When the Shah fled, Jewish life changed forever

The Forward has this unusual account of 16th January 1979, the day the Shah fled Iran. It’s by a US Jewish woman, Karen Pliskin, then living in Shiraz.

“Twenty-nine years ago, on February 1, 1979, Ayatollah Ruhollah Khomeini landed in Tehran after a 25-year exile. Ten days later, he dissolved the monarchy and established the Islamic Republic of Iran, nearly four weeks after the Shah, Mohammad Reza Pahlavi, sick with lymphoma and unable to control his kingdom, had fled the country.

“For months before Khomeini’s arrival, millions of Iranians demonstrated against the Shah. He had dominated Iran since the CIA’s 1953 coup that ousted the nation’s first democratically elected prime minister, Mohammad Mosaddeq. While the army, trying to impose order, killed thousands of demonstrators, and strikes of all kinds were crippling Iran’s economy, Khomeini consolidated power from his perch of exile in France. By November 1979, Iranian student militants took over the American Embassy in Tehran and kept its personnel hostage for 444 days. That event has marred American policy toward Iran for nearly three decades.

“I lived in Shiraz, Iran, as a doctoral student in cultural anthropology from September 1978 until the day Khomeini arrived. I kept a journal then, in which I recorded conversations I’d had with Shirazi friends about the political situation, and maintained transcriptions of BBC’s coverage of Iranian national news. Most of my Iranian friends were from religious minorities who feared Khomeini and an Islamic state. The Pahlavi regime had abrogated the centuries-old discriminatory laws against religious minorities (Armenians and other Christians, Baha’is, Jews and Zoroastrians), which enabled them to participate in civil society, move out of ghettos, pursue university educations, and socialize with other ethnic and religious groups. Although the minorities dreaded that an Islamic state would re-institute the restrictive laws against them, they did not hold monolithic views about the Shah. This was evident the day the Shah took flight, January 16, 1979.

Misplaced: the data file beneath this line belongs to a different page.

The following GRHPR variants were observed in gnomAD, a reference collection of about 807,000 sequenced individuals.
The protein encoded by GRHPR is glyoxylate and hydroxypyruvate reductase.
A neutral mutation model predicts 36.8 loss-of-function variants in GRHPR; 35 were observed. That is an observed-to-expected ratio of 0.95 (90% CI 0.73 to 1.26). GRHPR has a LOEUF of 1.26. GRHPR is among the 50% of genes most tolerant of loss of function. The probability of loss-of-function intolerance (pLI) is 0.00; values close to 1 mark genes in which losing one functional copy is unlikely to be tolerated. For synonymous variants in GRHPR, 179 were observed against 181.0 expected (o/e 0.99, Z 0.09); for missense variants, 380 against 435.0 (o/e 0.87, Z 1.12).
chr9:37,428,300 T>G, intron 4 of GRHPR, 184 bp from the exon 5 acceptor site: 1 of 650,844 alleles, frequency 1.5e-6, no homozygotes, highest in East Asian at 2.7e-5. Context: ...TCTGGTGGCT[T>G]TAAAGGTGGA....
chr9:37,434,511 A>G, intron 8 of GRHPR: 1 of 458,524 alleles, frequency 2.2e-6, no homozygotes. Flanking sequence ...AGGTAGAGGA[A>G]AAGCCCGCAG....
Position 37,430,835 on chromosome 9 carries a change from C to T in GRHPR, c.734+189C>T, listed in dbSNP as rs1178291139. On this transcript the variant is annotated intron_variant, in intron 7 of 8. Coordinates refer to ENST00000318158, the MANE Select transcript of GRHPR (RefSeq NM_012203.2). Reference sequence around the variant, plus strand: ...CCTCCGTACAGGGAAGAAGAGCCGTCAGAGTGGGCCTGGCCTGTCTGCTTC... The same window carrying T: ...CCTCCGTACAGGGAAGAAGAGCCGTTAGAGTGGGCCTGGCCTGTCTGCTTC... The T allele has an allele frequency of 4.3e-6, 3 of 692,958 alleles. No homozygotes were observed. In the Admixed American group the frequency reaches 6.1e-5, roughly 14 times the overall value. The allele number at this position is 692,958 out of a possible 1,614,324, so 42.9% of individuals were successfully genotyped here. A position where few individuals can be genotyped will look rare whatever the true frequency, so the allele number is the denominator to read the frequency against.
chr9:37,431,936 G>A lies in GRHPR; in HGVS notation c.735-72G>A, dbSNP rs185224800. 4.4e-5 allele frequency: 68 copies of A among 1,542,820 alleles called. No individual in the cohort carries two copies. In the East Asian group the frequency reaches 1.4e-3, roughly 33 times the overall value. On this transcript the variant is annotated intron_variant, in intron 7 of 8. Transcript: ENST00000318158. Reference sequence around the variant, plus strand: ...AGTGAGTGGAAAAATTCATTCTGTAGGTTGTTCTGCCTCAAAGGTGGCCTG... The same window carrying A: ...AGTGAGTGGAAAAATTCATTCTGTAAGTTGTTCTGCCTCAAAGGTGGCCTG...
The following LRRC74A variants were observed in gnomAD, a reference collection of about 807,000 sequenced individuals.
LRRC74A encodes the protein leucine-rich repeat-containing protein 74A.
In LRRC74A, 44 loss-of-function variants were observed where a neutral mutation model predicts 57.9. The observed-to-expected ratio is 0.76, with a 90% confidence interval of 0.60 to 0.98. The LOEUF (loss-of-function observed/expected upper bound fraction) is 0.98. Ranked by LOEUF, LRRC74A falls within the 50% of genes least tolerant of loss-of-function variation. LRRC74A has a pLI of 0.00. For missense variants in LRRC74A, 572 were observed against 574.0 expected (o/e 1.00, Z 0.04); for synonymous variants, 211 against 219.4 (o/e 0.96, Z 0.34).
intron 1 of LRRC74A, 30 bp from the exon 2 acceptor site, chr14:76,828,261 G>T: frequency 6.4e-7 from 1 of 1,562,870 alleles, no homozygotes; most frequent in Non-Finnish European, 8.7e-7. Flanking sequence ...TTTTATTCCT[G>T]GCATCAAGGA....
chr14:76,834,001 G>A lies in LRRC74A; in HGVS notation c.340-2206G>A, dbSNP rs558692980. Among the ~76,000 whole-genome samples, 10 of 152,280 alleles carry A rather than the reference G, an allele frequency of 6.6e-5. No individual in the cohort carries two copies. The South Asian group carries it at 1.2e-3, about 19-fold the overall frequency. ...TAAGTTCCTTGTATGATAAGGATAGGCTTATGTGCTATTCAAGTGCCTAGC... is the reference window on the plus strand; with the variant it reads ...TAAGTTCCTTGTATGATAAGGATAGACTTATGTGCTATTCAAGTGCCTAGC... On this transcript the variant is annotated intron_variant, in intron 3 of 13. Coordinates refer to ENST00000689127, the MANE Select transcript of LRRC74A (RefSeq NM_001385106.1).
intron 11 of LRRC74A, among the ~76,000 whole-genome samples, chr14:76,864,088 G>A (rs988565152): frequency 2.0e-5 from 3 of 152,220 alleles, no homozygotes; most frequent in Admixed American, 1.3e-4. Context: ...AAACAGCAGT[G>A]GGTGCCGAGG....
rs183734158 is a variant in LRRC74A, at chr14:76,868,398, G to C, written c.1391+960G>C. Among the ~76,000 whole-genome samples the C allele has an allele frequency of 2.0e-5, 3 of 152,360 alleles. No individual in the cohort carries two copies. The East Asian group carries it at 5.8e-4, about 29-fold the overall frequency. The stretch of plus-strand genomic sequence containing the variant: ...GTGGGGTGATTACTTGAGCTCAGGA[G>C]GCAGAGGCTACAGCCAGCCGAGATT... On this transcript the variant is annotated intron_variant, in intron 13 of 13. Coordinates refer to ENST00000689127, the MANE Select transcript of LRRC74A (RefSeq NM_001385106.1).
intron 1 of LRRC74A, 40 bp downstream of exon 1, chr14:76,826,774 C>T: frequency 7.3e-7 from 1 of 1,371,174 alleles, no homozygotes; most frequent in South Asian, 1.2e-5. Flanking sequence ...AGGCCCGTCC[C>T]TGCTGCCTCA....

“Several hours before the Shah’s exodus became known, two of my Jewish friends discussed rumors of a coup d’état occurring that week. I, skeptical, asked one of my acquaintances, the American consul in Shiraz, his opinion.

“I don’t think there’ll be a coup for another nine to 12 months,” he predicted. “But if there is one, the United States won’t support it.”

“Maybe they’ll instigate it, I thought at the time, as I sat across from him in the consulate.

“After my conversation with the consul, I walked to the house of my close Jewish friends, the Hakeem family. Mrs. Hakeem, a 50-year-old mother of seven, opened the gate. Her eyes were swollen, her nose red.

“The… Shah… left,” she said, stammering. She wiped her eyes with a moist handkerchief. “I was listening to the 2:00 p.m. news. They announced that the Shah departed with the Empress Farah. He piloted a 727 by himself.” Mrs. Hakeem sat down and wept as if she were mourning the death of a close relative. “Our lives in Iran — after 2,600 years of being here as Jews — are finished.” She stood up, found another handkerchief and dabbed her eyes.”

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Commentary and pictures by Karmel Melamed

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